DELIVERING LIFE-SAVING STREETS + SPACES

DELIVERING LIFE-SAVING STREETS + SPACES

(Y)our District Regeneration Frameworks

This is the first blog from the team working to prepare Districts Regeneration Frameworks for Cowcaddens, Townhead, the Learning Quarter and the Merchant City. Christopher Martin is Co-Founder and Director of Urban Strategy at Urban Movement; is a member of the United Nations Planning and Climate Action Group; a Trustee of Living Streets; and on the Executive Committee of the UK Urban Design Group.

In light of the current situation in which we find ourselves and spending a lot of time thinking creatively about Glasgow’s future with the District Regeneration Framework team, I have been reflecting a lot. Never before has local and national Government, the press, or we as the public been as interested in the design of our towns and cities as we are today.

We have heard so much recently about what COVID-19 means for cities; the way we will live, the way we will move, and the way we will work. Now more than ever, we have been made acutely aware of the adverse effects that certain urban conditions can have on our lives – in particular our health, happiness, and prosperity.

This crisis has bought into sharp focus the cities that we need to benefit our health and quality of life and help our city to thrive. As apart of the District Regeneration Framework we want to work with everyone to help shape the future Glasgow that we need.

The immediate solution to this crisis is ‘space’, and space is – and will be – the commodity that we must consider more carefully. How do we use the space we have to tackle this, the future crises we will face, as well as delivering all the advantages of cities for people?

We need space for movement, space to get around, so we need to prioritise space-efficient transport modes. Public transport is under massive pressure at the moment with people having to physically distance, and there isn’t enough space for everyone to drive – so space efficiency is the answer and we need to promote these modes. Indeed, everyone who walks or jumps on a bike to get where they need to go is helping key workers and people who sorely need to use public transport to get about more easily – and less stressfully.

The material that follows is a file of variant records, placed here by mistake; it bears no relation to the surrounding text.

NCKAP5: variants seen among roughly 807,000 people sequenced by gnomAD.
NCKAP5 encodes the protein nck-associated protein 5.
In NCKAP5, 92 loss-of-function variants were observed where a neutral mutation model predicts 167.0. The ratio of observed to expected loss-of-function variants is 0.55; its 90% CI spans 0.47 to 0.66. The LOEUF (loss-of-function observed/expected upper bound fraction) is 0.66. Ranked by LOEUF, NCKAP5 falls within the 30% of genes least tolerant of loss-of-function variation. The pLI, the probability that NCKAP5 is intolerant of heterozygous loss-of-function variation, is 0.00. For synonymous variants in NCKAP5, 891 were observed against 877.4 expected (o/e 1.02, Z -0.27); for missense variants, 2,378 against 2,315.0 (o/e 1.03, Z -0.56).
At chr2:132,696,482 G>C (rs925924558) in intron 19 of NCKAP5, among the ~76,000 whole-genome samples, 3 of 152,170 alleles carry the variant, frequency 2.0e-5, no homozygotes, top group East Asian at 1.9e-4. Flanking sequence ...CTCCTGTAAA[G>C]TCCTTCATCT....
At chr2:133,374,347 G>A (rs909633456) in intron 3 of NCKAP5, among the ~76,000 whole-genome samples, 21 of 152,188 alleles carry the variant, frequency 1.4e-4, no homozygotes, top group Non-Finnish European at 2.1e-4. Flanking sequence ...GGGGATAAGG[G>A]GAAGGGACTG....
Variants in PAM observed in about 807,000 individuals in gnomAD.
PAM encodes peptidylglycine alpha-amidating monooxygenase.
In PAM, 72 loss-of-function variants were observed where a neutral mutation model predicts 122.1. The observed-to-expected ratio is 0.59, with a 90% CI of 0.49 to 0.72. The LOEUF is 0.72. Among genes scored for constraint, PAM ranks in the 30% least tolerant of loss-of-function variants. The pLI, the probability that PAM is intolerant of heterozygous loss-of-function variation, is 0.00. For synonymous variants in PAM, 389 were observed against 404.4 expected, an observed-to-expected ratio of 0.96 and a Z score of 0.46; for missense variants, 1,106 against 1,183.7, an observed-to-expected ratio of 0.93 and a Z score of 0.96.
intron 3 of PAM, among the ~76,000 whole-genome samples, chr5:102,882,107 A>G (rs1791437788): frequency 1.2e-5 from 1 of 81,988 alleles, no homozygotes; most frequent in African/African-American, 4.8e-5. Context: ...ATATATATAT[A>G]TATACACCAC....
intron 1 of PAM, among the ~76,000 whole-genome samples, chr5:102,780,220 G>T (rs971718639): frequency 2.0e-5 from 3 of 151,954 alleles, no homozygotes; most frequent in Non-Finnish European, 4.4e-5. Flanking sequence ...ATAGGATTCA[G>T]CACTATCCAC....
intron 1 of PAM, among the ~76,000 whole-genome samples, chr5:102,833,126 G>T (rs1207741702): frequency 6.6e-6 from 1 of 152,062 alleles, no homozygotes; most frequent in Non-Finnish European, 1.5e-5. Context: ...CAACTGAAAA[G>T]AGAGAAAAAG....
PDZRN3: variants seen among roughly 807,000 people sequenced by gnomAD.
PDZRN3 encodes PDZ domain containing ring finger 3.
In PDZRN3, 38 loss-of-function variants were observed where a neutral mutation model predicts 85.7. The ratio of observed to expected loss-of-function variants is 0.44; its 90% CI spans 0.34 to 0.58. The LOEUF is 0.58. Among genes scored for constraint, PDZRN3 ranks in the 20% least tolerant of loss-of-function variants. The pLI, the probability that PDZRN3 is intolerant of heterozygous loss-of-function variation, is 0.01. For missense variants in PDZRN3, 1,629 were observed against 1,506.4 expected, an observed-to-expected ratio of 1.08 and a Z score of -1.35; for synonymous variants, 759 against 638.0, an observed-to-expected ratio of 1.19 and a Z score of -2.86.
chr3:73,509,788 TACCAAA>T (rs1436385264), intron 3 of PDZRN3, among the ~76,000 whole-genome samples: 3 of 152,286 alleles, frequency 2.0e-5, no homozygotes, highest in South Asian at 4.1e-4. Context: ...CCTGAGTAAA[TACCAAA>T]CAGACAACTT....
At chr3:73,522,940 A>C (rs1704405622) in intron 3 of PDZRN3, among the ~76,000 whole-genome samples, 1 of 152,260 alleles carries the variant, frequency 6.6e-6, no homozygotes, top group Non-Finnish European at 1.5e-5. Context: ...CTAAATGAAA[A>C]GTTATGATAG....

We need more space for leisure, play and community as well. This crisis has brought communities together and made them stronger. We have seen neighbours chatting in the streets and children playing. In the immediate term for safety, but also in the future for improved quality of life and inclusive growth, we need to keep residential and community streets as places where children can learn to ride a bike or play together, and where community life can thrive.

Sometimes it is left out of discussions about the public realm, but we all need space for business as well, and more than ever. The economic fallout of this crisis will be challenging, so we will have to use the space we have in a way that actually – not anecdotally – strengthens the economy for all, and gives us vibrant, prosperous, and fun streets and spaces. Let’s face it, one thing we know for sure – we’re all going to need a good laugh when this is over, so we need to act now on our streets and public spaces to make sure we keep business and social life alive. The only conceivable way for pubs, cafes, and restaurants to meet physical distancing rules is if we can put tables and chairs on the streets.